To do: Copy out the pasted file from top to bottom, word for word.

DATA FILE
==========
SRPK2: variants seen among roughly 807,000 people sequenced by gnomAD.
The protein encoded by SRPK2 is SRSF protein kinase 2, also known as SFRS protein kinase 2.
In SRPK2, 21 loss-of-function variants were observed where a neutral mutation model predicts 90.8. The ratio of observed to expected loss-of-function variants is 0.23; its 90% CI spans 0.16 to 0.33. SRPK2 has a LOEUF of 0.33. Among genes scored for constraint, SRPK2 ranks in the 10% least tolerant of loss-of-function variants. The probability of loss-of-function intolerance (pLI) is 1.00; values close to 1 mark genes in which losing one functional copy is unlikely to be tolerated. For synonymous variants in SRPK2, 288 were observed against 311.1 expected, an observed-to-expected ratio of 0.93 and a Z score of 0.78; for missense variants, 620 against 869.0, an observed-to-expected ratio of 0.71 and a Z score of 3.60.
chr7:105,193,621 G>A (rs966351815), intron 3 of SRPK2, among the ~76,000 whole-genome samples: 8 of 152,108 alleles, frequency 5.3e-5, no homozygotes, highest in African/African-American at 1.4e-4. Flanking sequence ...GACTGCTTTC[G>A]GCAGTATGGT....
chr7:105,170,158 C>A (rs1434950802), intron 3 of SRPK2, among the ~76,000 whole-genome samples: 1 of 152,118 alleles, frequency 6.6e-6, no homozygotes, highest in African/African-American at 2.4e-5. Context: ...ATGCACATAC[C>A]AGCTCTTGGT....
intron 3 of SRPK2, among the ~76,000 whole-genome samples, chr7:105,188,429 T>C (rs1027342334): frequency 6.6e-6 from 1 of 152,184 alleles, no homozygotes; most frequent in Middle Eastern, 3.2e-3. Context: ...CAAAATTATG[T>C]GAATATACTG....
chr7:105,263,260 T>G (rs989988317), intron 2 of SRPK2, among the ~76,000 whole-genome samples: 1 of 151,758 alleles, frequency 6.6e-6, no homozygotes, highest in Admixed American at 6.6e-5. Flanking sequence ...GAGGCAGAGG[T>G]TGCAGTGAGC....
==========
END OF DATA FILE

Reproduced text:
SRPK2: variants seen among roughly 807,000 people sequenced by gnomAD.
The protein encoded by SRPK2 is SRSF protein kinase 2, also known as SFRS protein kinase 2.
In SRPK2, 21 loss-of-function variants were observed where a neutral mutation model predicts 90.8. The ratio of observed to expected loss-of-function variants is 0.23; its 90% CI spans 0.16 to 0.33. SRPK2 has a LOEUF of 0.33. Among genes scored for constraint, SRPK2 ranks in the 10% least tolerant of loss-of-function variants. The probability of loss-of-function intolerance (pLI) is 1.00; values close to 1 mark genes in which losing one functional copy is unlikely to be tolerated. For synonymous variants in SRPK2, 288 were observed against 311.1 expected, an observed-to-expected ratio of 0.93 and a Z score of 0.78; for missense variants, 620 against 869.0, an observed-to-expected ratio of 0.71 and a Z score of 3.60.
chr7:105,193,621 G>A (rs966351815), intron 3 of SRPK2, among the ~76,000 whole-genome samples: 8 of 152,108 alleles, frequency 5.3e-5, no homozygotes, highest in African/African-American at 1.4e-4. Flanking sequence ...GACTGCTTTC[G>A]GCAGTATGGT....
chr7:105,170,158 C>A (rs1434950802), intron 3 of SRPK2, among the ~76,000 whole-genome samples: 1 of 152,118 alleles, frequency 6.6e-6, no homozygotes, highest in African/African-American at 2.4e-5. Context: ...ATGCACATAC[C>A]AGCTCTTGGT....
intron 3 of SRPK2, among the ~76,000 whole-genome samples, chr7:105,188,429 T>C (rs1027342334): frequency 6.6e-6 from 1 of 152,184 alleles, no homozygotes; most frequent in Middle Eastern, 3.2e-3. Context: ...CAAAATTATG[T>C]GAATATACTG....
chr7:105,263,260 T>G (rs989988317), intron 2 of SRPK2, among the ~76,000 whole-genome samples: 1 of 151,758 alleles, frequency 6.6e-6, no homozygotes, highest in Admixed American at 6.6e-5. Flanking sequence ...GAGGCAGAGG[T>G]TGCAGTGAGC....